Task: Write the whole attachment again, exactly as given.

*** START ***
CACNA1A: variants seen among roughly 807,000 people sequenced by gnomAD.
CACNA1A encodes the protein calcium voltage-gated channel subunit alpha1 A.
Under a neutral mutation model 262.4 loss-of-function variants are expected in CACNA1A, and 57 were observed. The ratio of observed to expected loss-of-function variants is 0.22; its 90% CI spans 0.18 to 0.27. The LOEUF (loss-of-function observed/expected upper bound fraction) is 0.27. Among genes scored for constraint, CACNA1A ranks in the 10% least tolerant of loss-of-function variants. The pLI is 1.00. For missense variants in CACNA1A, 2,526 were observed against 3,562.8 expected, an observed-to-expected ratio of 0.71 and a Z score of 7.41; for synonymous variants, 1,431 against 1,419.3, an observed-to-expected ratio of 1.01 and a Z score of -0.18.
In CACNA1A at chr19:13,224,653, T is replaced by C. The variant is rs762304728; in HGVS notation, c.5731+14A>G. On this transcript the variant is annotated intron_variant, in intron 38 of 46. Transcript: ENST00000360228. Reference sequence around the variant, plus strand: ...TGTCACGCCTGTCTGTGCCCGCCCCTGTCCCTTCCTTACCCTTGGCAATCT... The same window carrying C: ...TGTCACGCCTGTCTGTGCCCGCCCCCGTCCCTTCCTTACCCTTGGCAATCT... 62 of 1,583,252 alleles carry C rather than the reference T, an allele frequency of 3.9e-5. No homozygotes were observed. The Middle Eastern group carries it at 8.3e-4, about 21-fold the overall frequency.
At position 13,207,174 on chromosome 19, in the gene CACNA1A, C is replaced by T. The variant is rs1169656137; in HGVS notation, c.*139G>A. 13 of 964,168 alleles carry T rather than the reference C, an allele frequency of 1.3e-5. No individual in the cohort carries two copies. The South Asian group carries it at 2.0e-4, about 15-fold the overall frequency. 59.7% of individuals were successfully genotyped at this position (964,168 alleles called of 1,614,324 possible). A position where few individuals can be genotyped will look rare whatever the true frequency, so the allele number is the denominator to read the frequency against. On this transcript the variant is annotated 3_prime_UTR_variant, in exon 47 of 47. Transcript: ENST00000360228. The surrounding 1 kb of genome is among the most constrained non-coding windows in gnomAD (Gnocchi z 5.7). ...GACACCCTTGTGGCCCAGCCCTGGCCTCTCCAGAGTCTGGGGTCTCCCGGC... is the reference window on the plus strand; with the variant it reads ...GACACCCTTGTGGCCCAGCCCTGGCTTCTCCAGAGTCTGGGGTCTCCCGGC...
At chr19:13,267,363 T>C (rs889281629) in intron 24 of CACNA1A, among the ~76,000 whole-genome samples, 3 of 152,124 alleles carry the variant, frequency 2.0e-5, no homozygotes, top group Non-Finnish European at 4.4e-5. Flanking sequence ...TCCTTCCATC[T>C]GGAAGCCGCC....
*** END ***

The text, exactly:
CACNA1A: variants seen among roughly 807,000 people sequenced by gnomAD.
CACNA1A encodes the protein calcium voltage-gated channel subunit alpha1 A.
Under a neutral mutation model 262.4 loss-of-function variants are expected in CACNA1A, and 57 were observed. The ratio of observed to expected loss-of-function variants is 0.22; its 90% CI spans 0.18 to 0.27. The LOEUF (loss-of-function observed/expected upper bound fraction) is 0.27. Among genes scored for constraint, CACNA1A ranks in the 10% least tolerant of loss-of-function variants. The pLI is 1.00. For missense variants in CACNA1A, 2,526 were observed against 3,562.8 expected, an observed-to-expected ratio of 0.71 and a Z score of 7.41; for synonymous variants, 1,431 against 1,419.3, an observed-to-expected ratio of 1.01 and a Z score of -0.18.
In CACNA1A at chr19:13,224,653, T is replaced by C. The variant is rs762304728; in HGVS notation, c.5731+14A>G. On this transcript the variant is annotated intron_variant, in intron 38 of 46. Transcript: ENST00000360228. Reference sequence around the variant, plus strand: ...TGTCACGCCTGTCTGTGCCCGCCCCTGTCCCTTCCTTACCCTTGGCAATCT... The same window carrying C: ...TGTCACGCCTGTCTGTGCCCGCCCCCGTCCCTTCCTTACCCTTGGCAATCT... 62 of 1,583,252 alleles carry C rather than the reference T, an allele frequency of 3.9e-5. No homozygotes were observed. The Middle Eastern group carries it at 8.3e-4, about 21-fold the overall frequency.
At position 13,207,174 on chromosome 19, in the gene CACNA1A, C is replaced by T. The variant is rs1169656137; in HGVS notation, c.*139G>A. 13 of 964,168 alleles carry T rather than the reference C, an allele frequency of 1.3e-5. No individual in the cohort carries two copies. The South Asian group carries it at 2.0e-4, about 15-fold the overall frequency. 59.7% of individuals were successfully genotyped at this position (964,168 alleles called of 1,614,324 possible). A position where few individuals can be genotyped will look rare whatever the true frequency, so the allele number is the denominator to read the frequency against. On this transcript the variant is annotated 3_prime_UTR_variant, in exon 47 of 47. Transcript: ENST00000360228. The surrounding 1 kb of genome is among the most constrained non-coding windows in gnomAD (Gnocchi z 5.7). ...GACACCCTTGTGGCCCAGCCCTGGCCTCTCCAGAGTCTGGGGTCTCCCGGC... is the reference window on the plus strand; with the variant it reads ...GACACCCTTGTGGCCCAGCCCTGGCTTCTCCAGAGTCTGGGGTCTCCCGGC...
At chr19:13,267,363 T>C (rs889281629) in intron 24 of CACNA1A, among the ~76,000 whole-genome samples, 3 of 152,124 alleles carry the variant, frequency 2.0e-5, no homozygotes, top group Non-Finnish European at 4.4e-5. Flanking sequence ...TCCTTCCATC[T>C]GGAAGCCGCC....